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House of Lords

Tuesday, 27 January 2009.

2.30 pm

Prayers—read by the Lord Bishop of Carlisle.

Aid Workers


2.37 pm

Asked By Baroness Rawlings

Lord Tunnicliffe: My Lords, we take the safety of British aid workers very seriously. The Department for International Development has revised and updated its security policy to ensure maximum protection of staff in conflict zones, in particular, but also in all overseas locations. We also support non-government partners in similar precautions. So we hope that non-government and non-British aid workers will also benefit from better security in the face of increasingly numerous and callous attacks.

Baroness Rawlings: My Lords, I thank the noble Lord for his Answer. I have asked this Question several times before but never received such a satisfactory Answer. This time, however, the situation is very different, as DfID’s budget is set to increase by 11 per cent a year, to £7.9 billion in 2010-11, according to the 2007 Pre-Budget Report and Comprehensive Spending Review. Will this increase still happen, and what percentage of this enormous but well-deserved amount will be put towards protecting the security of aid workers who are providing help and humanitarian assistance in areas of strife?

Lord Tunnicliffe: My Lords, I congratulate the noble Baroness on her birthday and on once again asking me a question that I have not the slightest chance of answering. I have every confidence that the figures in the Pre-Budget Report will be committed to and I am delighted that the opposition parties are aligning with them. On the protection of aid workers, which I think is what the noble Baroness is getting at, I should point out that we have three kinds of aid workers: DfID employees, funded NGOs and non-funded NGOs. On the funded NGOs, we now require anyone we are funding to have in place a proper security plan that is of the same standard as those for our own staff, and we expect them to include in their budget sufficient moneys to cover that security support. We have a legal responsibility for our own staff and we accept a moral and financial responsibility for those aid workers who work for us.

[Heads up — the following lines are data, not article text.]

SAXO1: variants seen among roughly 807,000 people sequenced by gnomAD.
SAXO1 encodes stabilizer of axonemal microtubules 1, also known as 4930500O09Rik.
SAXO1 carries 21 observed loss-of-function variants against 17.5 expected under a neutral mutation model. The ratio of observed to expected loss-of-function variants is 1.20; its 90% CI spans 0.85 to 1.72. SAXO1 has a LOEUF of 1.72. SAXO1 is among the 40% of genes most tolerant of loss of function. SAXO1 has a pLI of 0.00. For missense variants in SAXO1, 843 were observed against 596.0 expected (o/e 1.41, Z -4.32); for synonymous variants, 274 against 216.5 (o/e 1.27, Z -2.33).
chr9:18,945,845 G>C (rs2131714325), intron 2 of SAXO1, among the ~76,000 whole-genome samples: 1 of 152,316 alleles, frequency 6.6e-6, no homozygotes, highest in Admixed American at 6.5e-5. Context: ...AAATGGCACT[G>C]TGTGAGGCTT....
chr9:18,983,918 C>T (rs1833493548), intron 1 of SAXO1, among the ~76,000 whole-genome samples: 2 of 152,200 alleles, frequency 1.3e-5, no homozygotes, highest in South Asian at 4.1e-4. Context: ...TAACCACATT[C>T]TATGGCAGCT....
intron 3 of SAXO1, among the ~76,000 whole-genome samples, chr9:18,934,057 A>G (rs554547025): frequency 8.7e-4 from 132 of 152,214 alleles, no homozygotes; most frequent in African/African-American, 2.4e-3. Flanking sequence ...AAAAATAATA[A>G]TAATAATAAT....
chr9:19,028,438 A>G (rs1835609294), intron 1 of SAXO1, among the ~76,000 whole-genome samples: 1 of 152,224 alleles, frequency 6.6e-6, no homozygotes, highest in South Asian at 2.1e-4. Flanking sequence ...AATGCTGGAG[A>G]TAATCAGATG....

The Earl of Sandwich: My Lords, does the noble Lord nevertheless agree that aid workers working in Afghanistan feel very strongly about this issue? They

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feel that aid workers should keep their distance from soldiers, mainly because of the obvious consequences for the local population with whom they are working.

Lord Tunnicliffe: My Lords, I can give a general answer but will write to the noble Lord on the specifics of Afghanistan because it has its own peculiar security problems. As a generality, we see a division among aid workers who are not DfID employees. Some aid workers are working for us by virtue of our grant, but we also respect those who work for organisations which choose to distance themselves from Her Majesty’s Government because they believe that that is a more effective way of working. We do not support them because they do not want us to support them. However, we include them in systems of information, guidance and advice. We recognise that many of those organisations do an excellent job.